The decision he was faced with making was ultimate; there was no turning back from this one. He felt as though choosing one over the other was not only favoritism, but the brutal slaying of an option near and dear to him.
“I just don’t know,” he exclaimed.
Every day, he was bogged down by the decision-making process, and he had developed a reputation for being unreliable because of it. The options were in front of him, staring at him eagerly, the winner waiting to be chosen.
“This is the last time I will make this decision.”
He walked back to his apartment, counting each stair as he ascended. He lost count once and had to return to the ground floor to restart his count. He’d gotten better, over the last few months, at making only one counting error per trip, which had greatly reduced the amount of time he had to allow for himself to get anywhere.
He opened the apartment door and was met with a familiar blast of air; a comforting aroma that instantly informed him that he was home. The outside world faded away and he was at peace. It was a peace, however, that was interrupted by the also familiar screeching of his neighbor’s baby. He wondered when his neighbor’s sister was coming again with more delicious pastries, or even a cake. He thought her baking tasted of sunshine.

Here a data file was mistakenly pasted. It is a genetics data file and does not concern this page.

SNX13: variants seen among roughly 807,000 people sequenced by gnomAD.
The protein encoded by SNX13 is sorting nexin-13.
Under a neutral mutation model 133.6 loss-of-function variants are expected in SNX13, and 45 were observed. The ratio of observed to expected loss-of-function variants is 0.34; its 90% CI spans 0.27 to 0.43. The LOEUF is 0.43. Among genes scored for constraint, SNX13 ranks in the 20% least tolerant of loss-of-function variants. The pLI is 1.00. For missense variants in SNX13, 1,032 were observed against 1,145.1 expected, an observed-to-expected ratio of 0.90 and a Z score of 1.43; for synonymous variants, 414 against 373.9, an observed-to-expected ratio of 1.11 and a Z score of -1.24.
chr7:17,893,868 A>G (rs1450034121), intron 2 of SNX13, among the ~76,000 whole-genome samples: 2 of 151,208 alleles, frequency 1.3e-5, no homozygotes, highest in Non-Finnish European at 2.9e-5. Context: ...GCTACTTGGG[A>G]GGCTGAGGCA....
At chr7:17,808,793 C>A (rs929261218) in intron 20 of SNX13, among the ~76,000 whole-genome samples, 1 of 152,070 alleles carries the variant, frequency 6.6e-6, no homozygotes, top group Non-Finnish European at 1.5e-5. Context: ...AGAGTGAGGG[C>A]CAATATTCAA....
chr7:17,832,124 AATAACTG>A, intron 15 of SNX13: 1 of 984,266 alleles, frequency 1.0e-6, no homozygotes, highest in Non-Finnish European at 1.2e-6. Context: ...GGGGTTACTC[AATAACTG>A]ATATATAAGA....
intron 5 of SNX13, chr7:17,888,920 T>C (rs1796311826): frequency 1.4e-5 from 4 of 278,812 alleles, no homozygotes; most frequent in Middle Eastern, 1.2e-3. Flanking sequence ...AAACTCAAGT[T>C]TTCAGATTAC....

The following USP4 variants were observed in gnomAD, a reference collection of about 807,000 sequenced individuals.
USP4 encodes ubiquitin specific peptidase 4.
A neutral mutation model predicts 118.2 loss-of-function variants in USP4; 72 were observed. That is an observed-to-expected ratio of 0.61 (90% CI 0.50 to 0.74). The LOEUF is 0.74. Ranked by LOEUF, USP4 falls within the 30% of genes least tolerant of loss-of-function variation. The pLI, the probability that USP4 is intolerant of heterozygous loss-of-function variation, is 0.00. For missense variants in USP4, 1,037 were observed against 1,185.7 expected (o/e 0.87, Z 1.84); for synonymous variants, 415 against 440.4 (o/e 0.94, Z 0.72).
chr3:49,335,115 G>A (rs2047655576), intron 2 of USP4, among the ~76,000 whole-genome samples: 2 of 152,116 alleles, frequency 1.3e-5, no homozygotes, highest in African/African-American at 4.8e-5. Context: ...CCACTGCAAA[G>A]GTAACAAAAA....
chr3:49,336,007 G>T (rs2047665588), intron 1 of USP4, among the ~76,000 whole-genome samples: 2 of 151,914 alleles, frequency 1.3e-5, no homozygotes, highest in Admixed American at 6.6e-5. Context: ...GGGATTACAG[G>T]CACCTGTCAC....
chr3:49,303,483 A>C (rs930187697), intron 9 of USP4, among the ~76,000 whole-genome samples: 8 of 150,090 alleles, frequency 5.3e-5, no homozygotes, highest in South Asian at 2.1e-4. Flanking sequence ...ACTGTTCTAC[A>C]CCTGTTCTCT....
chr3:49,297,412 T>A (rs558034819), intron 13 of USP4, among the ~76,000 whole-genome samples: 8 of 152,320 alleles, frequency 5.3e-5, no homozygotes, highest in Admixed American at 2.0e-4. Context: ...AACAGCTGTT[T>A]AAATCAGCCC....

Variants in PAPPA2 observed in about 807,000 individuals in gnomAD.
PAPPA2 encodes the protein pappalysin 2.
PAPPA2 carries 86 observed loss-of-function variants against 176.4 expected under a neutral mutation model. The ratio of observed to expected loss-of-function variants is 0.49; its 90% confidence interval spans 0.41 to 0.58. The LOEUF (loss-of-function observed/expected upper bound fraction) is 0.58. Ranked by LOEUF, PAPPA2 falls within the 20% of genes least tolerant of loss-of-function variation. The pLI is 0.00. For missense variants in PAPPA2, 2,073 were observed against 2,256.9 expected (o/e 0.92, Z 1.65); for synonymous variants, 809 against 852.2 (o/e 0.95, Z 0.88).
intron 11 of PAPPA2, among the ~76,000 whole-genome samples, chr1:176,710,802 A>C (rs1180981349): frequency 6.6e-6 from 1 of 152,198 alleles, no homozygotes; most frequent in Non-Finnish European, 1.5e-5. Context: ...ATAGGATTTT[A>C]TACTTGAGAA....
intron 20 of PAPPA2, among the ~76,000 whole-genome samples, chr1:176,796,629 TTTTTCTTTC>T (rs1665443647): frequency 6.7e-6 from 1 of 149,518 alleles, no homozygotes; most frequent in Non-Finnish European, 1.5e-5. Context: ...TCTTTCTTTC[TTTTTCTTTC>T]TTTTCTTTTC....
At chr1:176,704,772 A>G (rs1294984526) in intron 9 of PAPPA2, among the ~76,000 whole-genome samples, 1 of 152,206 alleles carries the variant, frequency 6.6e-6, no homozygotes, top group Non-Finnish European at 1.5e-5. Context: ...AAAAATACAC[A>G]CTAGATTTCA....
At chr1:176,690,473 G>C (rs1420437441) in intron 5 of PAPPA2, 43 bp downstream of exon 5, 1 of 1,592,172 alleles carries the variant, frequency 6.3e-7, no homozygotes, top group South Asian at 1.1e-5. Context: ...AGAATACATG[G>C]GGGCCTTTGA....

He retrieved the ultimate decision-making item from his closet and returned to the parking garage.
“One last time,” he said, dramatically. “One last time,” he said again, equally dramatic.
The two paths were still smiling at him, waiting to be chosen. He was not smiling.
“I’m sorry it had to come this, but my indecision ends today.”
Their smiles didn’t change, though they saw what was coming. They were his children. He had spent hours upon hours with each of them, giving them nothing but love and attention. He had rescued them both from certain doom, and adopted them into his heart, but they felt nothing. They were indifferent to his affections, as vehicles usually are.
“So, do I take the sloppy jalopy to work, or the tank?” The ultimate question, defined. He closed his eyes and raised the bazooka. A tear fell down his cheek. The missile erupted out of the chamber and decimated its target.
He was late. The second trip up the stairs to his apartment had really cut into his day. He set his mind to either conquering his OCD or to start taking the elevator. The decision would be tough, but he had a fool-proof method of decision-making at his disposal. At any rate, he didn’t have time to make the decision now. He climbed into the tank and drove to work, brainstorming new excuses as to why he was late.